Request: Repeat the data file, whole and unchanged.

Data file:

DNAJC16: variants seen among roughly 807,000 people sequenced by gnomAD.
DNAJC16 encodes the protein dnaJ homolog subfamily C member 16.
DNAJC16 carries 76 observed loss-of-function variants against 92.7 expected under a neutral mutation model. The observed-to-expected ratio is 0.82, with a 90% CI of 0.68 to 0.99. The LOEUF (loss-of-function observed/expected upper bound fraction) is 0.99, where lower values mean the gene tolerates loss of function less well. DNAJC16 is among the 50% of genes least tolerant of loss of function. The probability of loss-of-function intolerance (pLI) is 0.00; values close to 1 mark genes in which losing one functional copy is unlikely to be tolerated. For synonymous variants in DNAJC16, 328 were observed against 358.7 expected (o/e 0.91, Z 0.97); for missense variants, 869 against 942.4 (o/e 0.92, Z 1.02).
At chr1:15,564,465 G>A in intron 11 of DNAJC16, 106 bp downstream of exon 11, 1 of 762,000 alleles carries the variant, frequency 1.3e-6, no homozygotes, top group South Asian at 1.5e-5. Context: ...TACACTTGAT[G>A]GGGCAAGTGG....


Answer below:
DNAJC16: variants seen among roughly 807,000 people sequenced by gnomAD.
DNAJC16 encodes the protein dnaJ homolog subfamily C member 16.
DNAJC16 carries 76 observed loss-of-function variants against 92.7 expected under a neutral mutation model. The observed-to-expected ratio is 0.82, with a 90% CI of 0.68 to 0.99. The LOEUF (loss-of-function observed/expected upper bound fraction) is 0.99, where lower values mean the gene tolerates loss of function less well. DNAJC16 is among the 50% of genes least tolerant of loss of function. The probability of loss-of-function intolerance (pLI) is 0.00; values close to 1 mark genes in which losing one functional copy is unlikely to be tolerated. For synonymous variants in DNAJC16, 328 were observed against 358.7 expected (o/e 0.91, Z 0.97); for missense variants, 869 against 942.4 (o/e 0.92, Z 1.02).
At chr1:15,564,465 G>A in intron 11 of DNAJC16, 106 bp downstream of exon 11, 1 of 762,000 alleles carries the variant, frequency 1.3e-6, no homozygotes, top group South Asian at 1.5e-5. Context: ...TACACTTGAT[G>A]GGGCAAGTGG....